Nutritional advice is usually straightforward. There are things we’re supposed to eat more of: vegetables, fruit, whole grains. There are things we’re supposed to eat less of: trans fats, added sugars, anything coated with salty orange dust.
And then there’s fish.
We’re supposed to eat more of it because it has healthful omega-3 fats. But we’re supposed to eat less of it because it’s full of environmental contaminants. Balancing the risks and benefits is hard, even for the doctors and scientists in the field. Absent sound advice, it’s all but impossible for those of us trying simply to decide what’s for dinner.
Consider salmon. According to the joint advisory issued by the Food and Drug Administration and the Environmental Protection Agency, salmon is low in mercury and safe even for pregnant women. Yet the Environmental Defense Fund, an advocacy group, suggests that all adults — not just pregnant women — limit wild salmon (except for Alaskan) to one serving per month and farmed salmon to no more than two, because of PCB contamination.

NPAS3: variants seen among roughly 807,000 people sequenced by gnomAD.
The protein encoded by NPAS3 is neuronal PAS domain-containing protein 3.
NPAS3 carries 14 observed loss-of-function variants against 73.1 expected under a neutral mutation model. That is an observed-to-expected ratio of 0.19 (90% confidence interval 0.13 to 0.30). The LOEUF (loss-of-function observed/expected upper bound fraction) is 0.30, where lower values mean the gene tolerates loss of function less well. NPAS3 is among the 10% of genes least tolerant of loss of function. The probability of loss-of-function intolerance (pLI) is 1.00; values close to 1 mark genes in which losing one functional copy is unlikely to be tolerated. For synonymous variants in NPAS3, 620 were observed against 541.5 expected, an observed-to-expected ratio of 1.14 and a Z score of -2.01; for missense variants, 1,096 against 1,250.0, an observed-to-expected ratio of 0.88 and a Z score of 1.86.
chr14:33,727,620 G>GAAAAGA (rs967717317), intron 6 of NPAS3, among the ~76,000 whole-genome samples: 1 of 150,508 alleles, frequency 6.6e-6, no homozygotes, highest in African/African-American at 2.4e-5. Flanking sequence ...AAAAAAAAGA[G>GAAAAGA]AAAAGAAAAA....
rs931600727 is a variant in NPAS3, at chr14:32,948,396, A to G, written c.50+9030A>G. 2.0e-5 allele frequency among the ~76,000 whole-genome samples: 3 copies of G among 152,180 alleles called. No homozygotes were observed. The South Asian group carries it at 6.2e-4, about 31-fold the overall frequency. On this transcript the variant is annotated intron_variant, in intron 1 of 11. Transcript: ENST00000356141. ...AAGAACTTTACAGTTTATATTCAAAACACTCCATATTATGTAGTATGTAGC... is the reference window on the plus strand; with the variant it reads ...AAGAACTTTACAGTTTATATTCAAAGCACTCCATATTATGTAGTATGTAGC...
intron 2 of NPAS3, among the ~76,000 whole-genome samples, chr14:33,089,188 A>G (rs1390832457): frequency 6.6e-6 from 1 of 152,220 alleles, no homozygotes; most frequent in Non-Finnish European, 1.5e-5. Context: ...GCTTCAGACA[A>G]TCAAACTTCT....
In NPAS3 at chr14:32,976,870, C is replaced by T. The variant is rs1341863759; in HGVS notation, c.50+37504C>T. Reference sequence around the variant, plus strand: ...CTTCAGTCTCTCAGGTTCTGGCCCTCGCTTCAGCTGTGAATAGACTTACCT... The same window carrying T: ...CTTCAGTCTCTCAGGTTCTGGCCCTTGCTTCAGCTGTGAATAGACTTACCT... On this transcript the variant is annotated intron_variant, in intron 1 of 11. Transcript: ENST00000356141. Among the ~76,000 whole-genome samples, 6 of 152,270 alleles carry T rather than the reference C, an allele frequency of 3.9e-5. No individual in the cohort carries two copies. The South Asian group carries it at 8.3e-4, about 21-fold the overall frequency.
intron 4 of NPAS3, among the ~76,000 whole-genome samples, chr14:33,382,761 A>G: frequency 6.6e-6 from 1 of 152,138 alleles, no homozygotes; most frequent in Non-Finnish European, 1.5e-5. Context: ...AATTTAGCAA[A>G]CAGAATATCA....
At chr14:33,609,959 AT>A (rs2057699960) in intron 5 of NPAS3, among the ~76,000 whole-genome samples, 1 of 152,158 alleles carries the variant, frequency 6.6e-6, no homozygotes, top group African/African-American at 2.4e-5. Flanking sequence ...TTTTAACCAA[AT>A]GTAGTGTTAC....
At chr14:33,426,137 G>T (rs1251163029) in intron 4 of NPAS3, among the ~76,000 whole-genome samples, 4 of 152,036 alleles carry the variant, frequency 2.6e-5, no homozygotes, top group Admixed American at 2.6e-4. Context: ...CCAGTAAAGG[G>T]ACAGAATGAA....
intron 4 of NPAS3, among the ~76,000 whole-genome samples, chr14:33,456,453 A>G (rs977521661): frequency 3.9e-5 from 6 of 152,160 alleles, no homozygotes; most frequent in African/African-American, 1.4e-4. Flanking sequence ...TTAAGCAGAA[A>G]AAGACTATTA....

This kind of disparity raises two questions: What do we know about fish, and what do we know about the advice we’re getting about fish?
We certainly know that there are benefits from eating fish and risks from eating contaminants. The advantages are mostly attributed to long-chain omega-3s, polyunsaturated fats that are found in almost all fish, and almost exclusively in fish. The best-established benefits are reduction of heart disease risk and, in the case of pregnant women, improved neurodevelopment in fetuses and young children. But there’s also a slate of less well-established benefits, ranging from reduced stroke risk to mood elevation.